December 31, 2004

ACR Radiology Coding Source™ Nov-Dec 2004 Q and A

Q: What is the correct code to use for a standing film that includes both legs from hips to ankles as AP legs on a 14X36 cassette for such indications as Legg Perthes disease and leg length discrepancies? Is it appropriate to use 76040 (bone length study) even though the study is performed standing and no ruler is used, or should 73565 be reported instead?

A: The appropriate code to use to describe a study performed for such indications as Legg Perthes disease (a disease of bone growth) is 76040 (Bone length studies (orthoroentgenogram, scanogram)). The bone length study, performed for bone length or growth discrepancy, does not require a quantitative assessment of length, and the fact that the patient is standing and a ruler is not used should not deter from the use of this code. Assuming that the standing view is obtained at 6' rather than at 40", it is possible to make direct measurements on the film without a ruler to correct for magnification.

Code 73565 (Radiologic examination, both knees, standing, AP) is used for a standing view of both knees from which morphology (form and structure) is reported. If both studies are medically necessary and are both performed, it is appropriate to code for both.

Q: How do you code for the brachytherapy seeds in the office (freestanding) setting as of January 1, 2005 when CPT code 79900 is deleted?

A: With the deletion of CPT® code 79900 (Provision of therapeutic radiopharmaceutical(s)), it is appropriate to report HCPCS code Q3001 (Radioelements for brachytherapy, any type, each). CMS announced in the Medicare Physician Fee Schedule 2005 Final rule that it is reinstating HCPCS code Q3001 under the physician fee schedule and that it will be carrier priced (Reference. Nov. 15, 2004, Federal Register, Vol. 69, No. 219, p. 66370). In the hospital outpatient setting, the appropriate HCPCS Level II C code should be used.

Q: How do you code for a "midline catheter" (similar to a PICC line) when it terminates in the subclavian vein?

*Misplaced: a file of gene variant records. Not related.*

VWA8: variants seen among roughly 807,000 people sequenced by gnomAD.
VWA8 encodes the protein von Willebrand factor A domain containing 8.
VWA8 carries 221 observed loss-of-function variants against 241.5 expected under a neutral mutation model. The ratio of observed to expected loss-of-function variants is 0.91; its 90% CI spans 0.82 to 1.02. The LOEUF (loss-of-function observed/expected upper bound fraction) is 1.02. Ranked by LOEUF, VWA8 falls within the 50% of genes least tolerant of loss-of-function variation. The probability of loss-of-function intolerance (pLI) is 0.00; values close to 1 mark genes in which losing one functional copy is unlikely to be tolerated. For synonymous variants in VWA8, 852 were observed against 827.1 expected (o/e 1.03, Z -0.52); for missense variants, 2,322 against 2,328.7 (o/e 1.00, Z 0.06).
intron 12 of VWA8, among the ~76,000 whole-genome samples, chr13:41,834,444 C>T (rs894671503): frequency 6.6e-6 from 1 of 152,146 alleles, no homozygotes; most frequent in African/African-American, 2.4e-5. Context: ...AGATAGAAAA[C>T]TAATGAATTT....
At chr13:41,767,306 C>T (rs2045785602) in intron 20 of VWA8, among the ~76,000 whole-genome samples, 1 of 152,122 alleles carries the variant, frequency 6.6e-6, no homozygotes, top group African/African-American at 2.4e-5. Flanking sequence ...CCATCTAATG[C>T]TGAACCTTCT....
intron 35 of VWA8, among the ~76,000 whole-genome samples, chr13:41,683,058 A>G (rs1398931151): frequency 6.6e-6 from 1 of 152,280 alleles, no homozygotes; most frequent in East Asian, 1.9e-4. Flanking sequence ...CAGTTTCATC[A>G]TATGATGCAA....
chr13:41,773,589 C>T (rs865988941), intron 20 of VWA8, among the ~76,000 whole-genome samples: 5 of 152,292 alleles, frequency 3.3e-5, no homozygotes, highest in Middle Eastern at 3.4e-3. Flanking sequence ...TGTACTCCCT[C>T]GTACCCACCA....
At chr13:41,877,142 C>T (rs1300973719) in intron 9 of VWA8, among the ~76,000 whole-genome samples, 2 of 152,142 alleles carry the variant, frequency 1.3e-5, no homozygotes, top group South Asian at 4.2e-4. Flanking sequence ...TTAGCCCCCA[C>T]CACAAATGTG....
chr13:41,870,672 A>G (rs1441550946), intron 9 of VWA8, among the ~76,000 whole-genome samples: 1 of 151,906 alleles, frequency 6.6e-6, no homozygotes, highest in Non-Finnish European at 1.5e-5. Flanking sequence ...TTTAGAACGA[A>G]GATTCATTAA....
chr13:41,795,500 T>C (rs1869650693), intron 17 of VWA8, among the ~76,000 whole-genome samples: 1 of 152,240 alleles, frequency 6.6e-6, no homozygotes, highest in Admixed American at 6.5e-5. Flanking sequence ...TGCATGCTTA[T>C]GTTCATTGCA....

A: A central venous access device is described in the Current Procedural Terminology (CPTâ) book as a catheter or device terminating in the subclavian, innominate or iliac vein, the superior or inferior vena cava, or the right atrium. Accordingly, a peripherally inserted catheter terminating in the subclavian vein fulfills these strict criteria and would be appropriately coded using one of the central venous access procedure codes described as Insertion of peripherally inserted central venous catheter (PICC), without subcutaneous port or pump. Depending upon the patient's age, this service should be coded as 36568 (under 5 years of age) or 36569 (age 5 or older).

"Midline catheter" is used by many different individuals to describe different types of peripheral lines, some terminating in the chest, and some in a peripheral vein. More important than the title given to the catheter is the exact anatomic position of the catheter, which can only be determined from careful review of a well-dictated report.

The structure of the CVA surgical codes is organized by: the type of procedure performed (i.e., insertion, repair, partial replacement, complete replacement or removal of a central venous device), the type of device employed in the procedure (e.g., non-tunneled central venous catheter, tunneled central venous catheter), the method of insertion [centrally inserted (jugular, subclavian, femoral vein or inferior vena cava catheter entry site) or peripherally inserted (e.g., basilic or cephalic vein)], and device access, i.e., via the use of a port or pump or via an exposed catheter. It should be noted that no distinction is made between how venous access is achieved (percutaneously or by cutdown), and no distinction is made based on catheter size.

The patient's age is used to differentiate some of the procedures, because pediatric patients less than five years old require additional work. For the more complex venous access insertion procedures in the premature infant (body weight less than 4 kg), a –63 modifier should be assigned with the appropriate CVA (30000 series) code. A –63 is not to be reported with radiology 70000 series code.

For additional information on the central venous access device codes, please refer to the November/December 2003 edition of the ACR Radiology Coding Source™ online or the March 2004 edition of the Journal of the American College of Radiology.